Early Recovery Adherence Therapy for Bipolar Alcoholics

The safety and scientific validity of this study is the responsibility of the study sponsor and investigators. Listing a study does not mean it has been evaluated by the U.S. Federal Government. Read our disclaimer for details. Identifier: NCT00167323
Recruitment Status : Completed
First Posted : September 14, 2005
Last Update Posted : May 19, 2008
National Institute on Alcohol Abuse and Alcoholism (NIAAA)
Information provided by:
University of Pittsburgh

Brief Summary:

Effective psychosocial interventions for individuals with an alcohol use disorder co-occurring with a severe mental health problem such as bipolar disorder are lacking. Treatment engagement, adherence, and retention are a major challenge and crucial to achieving a favorable outcome. The early phase of recovery is a key period during which an effective intervention exerts its most significant impact. Our proposed treatment intervention is aimed at addressing early recovery issues, engagement, and treatment and medication adherence in bipolar alcoholics.

We propose to develop and refine a theoretically based and procedurally specified individual adherence therapy intervention for co-occurring alcohol use and bipolar disorder in early recovery, to develop standardized procedures, methods, and techniques so that treatment is delivered with a high degree of fidelity and competence, and to test the efficacy of this intervention through a randomized, parallel-group design comparing this new intervention with current regular clinical care.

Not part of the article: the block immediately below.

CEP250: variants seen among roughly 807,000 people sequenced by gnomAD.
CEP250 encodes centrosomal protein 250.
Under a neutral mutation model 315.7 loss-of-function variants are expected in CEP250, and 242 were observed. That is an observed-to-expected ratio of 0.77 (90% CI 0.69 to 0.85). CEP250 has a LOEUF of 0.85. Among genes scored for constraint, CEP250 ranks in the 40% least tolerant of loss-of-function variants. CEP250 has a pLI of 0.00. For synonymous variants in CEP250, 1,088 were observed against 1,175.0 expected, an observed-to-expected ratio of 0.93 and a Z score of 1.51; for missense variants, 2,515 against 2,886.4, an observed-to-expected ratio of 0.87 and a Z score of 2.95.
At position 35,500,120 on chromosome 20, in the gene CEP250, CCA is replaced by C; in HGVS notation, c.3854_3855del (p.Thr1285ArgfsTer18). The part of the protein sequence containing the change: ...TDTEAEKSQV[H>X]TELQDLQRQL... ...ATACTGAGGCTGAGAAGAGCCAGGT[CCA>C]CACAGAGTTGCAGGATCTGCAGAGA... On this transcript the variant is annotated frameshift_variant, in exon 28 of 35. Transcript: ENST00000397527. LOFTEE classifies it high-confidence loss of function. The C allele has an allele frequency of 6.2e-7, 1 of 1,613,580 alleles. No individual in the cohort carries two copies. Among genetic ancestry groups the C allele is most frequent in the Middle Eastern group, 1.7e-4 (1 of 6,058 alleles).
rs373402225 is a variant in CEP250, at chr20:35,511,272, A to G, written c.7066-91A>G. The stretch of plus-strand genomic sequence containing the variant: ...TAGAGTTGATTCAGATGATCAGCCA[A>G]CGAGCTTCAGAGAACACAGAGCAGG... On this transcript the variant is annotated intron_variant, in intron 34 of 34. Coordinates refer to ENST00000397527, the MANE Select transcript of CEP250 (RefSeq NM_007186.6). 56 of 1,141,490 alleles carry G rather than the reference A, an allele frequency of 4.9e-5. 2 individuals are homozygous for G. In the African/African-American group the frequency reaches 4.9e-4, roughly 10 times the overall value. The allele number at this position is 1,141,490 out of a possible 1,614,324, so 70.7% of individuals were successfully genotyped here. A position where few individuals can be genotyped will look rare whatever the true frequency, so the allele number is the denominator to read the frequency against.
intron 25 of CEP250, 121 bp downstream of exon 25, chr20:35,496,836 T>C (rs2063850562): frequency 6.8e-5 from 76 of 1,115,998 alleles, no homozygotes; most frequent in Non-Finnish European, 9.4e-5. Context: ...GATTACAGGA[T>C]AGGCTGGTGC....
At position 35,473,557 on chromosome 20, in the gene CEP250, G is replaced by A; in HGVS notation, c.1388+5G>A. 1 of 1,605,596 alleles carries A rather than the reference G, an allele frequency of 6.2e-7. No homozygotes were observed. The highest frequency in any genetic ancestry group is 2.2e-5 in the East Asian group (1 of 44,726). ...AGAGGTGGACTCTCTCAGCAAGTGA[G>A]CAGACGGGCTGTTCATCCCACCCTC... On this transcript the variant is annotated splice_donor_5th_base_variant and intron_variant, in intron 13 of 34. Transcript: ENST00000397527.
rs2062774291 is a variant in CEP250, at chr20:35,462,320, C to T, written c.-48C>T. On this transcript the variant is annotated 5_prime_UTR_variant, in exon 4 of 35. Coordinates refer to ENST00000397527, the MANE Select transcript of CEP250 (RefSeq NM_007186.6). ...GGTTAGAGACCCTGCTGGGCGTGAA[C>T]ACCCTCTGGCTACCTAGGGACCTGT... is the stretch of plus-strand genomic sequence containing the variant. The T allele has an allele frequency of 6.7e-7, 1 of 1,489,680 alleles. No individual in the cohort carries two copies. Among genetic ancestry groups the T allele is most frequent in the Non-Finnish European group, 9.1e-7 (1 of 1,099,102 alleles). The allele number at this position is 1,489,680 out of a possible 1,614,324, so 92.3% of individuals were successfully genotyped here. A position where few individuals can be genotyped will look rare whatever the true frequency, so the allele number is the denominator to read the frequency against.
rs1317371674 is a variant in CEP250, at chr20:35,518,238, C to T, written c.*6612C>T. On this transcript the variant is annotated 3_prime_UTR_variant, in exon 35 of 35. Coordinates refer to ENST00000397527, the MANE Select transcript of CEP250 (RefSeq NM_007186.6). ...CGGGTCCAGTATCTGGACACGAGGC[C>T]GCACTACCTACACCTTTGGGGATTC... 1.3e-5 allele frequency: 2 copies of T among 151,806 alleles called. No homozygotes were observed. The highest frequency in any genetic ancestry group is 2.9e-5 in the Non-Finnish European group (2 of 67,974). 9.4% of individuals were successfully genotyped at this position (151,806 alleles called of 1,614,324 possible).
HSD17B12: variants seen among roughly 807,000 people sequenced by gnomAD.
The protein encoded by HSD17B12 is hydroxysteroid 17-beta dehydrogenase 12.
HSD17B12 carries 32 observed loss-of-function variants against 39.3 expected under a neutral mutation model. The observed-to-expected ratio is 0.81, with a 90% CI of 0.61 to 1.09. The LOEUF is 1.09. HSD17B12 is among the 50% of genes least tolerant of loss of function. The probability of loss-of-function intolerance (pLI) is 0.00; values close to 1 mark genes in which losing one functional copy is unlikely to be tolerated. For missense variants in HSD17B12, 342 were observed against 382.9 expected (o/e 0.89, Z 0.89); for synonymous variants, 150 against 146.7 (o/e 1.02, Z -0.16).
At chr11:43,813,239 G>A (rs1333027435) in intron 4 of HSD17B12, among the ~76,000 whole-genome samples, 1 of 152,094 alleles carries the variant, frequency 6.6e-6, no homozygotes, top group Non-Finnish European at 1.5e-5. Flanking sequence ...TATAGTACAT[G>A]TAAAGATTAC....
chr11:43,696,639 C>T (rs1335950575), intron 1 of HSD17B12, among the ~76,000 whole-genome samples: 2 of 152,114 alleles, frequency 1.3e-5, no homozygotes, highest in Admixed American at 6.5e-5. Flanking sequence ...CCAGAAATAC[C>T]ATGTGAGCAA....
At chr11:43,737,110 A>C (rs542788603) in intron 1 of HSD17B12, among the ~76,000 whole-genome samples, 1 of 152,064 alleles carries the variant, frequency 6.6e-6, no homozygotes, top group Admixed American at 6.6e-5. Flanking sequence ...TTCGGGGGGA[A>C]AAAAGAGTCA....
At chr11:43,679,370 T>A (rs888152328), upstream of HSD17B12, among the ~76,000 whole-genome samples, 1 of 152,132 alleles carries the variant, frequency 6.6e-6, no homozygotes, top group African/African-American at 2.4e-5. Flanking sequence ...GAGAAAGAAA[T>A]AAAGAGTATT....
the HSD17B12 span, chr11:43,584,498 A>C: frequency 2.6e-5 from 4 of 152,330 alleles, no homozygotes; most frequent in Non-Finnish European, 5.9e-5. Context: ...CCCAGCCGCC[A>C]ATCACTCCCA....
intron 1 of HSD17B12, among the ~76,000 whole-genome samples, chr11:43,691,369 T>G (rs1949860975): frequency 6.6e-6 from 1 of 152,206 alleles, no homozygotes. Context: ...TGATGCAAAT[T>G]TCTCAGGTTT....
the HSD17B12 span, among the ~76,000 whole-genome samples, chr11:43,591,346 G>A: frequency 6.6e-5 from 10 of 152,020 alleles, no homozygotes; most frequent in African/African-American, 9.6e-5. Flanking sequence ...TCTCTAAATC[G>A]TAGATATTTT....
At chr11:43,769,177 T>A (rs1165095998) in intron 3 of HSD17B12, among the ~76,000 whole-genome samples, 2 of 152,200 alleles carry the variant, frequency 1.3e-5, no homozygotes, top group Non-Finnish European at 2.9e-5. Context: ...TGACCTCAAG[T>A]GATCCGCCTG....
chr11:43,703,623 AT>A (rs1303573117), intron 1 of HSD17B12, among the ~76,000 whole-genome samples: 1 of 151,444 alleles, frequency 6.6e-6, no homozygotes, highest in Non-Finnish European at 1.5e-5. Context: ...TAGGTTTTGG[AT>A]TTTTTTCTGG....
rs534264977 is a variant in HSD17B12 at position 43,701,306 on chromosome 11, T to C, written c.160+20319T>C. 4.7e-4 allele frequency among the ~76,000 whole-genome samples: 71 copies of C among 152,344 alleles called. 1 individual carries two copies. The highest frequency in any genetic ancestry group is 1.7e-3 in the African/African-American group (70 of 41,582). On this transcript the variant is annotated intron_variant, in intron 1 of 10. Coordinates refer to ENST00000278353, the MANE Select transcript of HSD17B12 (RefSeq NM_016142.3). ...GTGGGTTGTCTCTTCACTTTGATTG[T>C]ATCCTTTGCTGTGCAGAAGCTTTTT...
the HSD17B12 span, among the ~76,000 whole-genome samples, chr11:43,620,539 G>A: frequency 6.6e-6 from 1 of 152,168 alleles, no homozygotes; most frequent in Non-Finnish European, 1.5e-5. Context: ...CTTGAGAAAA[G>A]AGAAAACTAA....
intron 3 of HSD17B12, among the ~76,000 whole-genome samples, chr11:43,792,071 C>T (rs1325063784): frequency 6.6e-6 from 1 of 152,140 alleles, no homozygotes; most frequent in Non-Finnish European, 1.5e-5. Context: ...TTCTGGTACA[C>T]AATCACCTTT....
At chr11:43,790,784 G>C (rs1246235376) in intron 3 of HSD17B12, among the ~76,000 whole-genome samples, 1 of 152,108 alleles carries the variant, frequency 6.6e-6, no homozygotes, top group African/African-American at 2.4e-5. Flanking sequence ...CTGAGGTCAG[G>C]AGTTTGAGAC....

Condition or disease Intervention/treatment Phase
Bipolar Disorder Alcohol Use Disorder Behavioral: Adherence therapy Not Applicable

Detailed Description:

Co-occurring alcoholism and bipolar disorder is a significant comorbid condition representing serious clinical challenges and treatment difficulties and is associated with severe disabilities, morbidity, and heightened risk for suicide. Despite the recent increased attention to the problem of psychiatric comorbidity with alcoholism and other substance use disorders, little research has been conducted on this complex form of comorbidity, especially in regard to effective treatment approaches.

Enhancing treatment engagement, adherence, and retention is perhaps the most challenging clinical concern faced by clinicians caring for this population. Poor adherence is a major clinical problem among bipolar disorder with alcoholism. Poor adherence is associated with substantial medical expenses and loss of productivity.

Factors interfering with treatment adherence range from access to treatment, to health care providers disposition towards these patients, and to symptoms related to both bipolar disorder and alcoholism. Enhancing motivation for treatment and improving treatment adherence are essential components for an initial treatment intervention for this population. Our proposed treatment intervention is based on the principles of Motivational Enhancement Therapy and also integrates psychosocial and pharmacotherapy interventions that have been successfully used with alcoholism and other addictive disorders. It is practical and easy to learn and administer in the framework of general clinical care by health professionals with varied educational backgrounds.